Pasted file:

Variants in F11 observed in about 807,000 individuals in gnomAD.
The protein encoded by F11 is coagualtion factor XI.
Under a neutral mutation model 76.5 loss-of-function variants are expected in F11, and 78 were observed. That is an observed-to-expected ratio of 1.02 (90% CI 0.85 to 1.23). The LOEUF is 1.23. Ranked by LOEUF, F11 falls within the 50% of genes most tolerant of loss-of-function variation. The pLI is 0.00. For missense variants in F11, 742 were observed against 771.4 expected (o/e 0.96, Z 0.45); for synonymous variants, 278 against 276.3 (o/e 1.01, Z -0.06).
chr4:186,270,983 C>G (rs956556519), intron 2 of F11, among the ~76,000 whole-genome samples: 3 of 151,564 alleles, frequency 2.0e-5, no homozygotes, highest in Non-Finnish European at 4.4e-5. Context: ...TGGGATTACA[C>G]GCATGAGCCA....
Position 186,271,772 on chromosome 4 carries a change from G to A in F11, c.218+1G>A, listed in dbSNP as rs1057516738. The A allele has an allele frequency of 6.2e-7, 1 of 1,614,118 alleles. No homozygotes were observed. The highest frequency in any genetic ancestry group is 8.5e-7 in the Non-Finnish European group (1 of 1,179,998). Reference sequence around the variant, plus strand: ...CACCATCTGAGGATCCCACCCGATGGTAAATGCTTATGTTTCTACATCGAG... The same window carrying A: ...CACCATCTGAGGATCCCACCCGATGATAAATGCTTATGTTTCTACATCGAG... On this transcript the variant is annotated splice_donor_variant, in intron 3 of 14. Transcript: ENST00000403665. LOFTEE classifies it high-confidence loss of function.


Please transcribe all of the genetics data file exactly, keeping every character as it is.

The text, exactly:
Variants in F11 observed in about 807,000 individuals in gnomAD.
The protein encoded by F11 is coagualtion factor XI.
Under a neutral mutation model 76.5 loss-of-function variants are expected in F11, and 78 were observed. That is an observed-to-expected ratio of 1.02 (90% CI 0.85 to 1.23). The LOEUF is 1.23. Ranked by LOEUF, F11 falls within the 50% of genes most tolerant of loss-of-function variation. The pLI is 0.00. For missense variants in F11, 742 were observed against 771.4 expected (o/e 0.96, Z 0.45); for synonymous variants, 278 against 276.3 (o/e 1.01, Z -0.06).
chr4:186,270,983 C>G (rs956556519), intron 2 of F11, among the ~76,000 whole-genome samples: 3 of 151,564 alleles, frequency 2.0e-5, no homozygotes, highest in Non-Finnish European at 4.4e-5. Context: ...TGGGATTACA[C>G]GCATGAGCCA....
Position 186,271,772 on chromosome 4 carries a change from G to A in F11, c.218+1G>A, listed in dbSNP as rs1057516738. The A allele has an allele frequency of 6.2e-7, 1 of 1,614,118 alleles. No homozygotes were observed. The highest frequency in any genetic ancestry group is 8.5e-7 in the Non-Finnish European group (1 of 1,179,998). Reference sequence around the variant, plus strand: ...CACCATCTGAGGATCCCACCCGATGGTAAATGCTTATGTTTCTACATCGAG... The same window carrying A: ...CACCATCTGAGGATCCCACCCGATGATAAATGCTTATGTTTCTACATCGAG... On this transcript the variant is annotated splice_donor_variant, in intron 3 of 14. Transcript: ENST00000403665. LOFTEE classifies it high-confidence loss of function.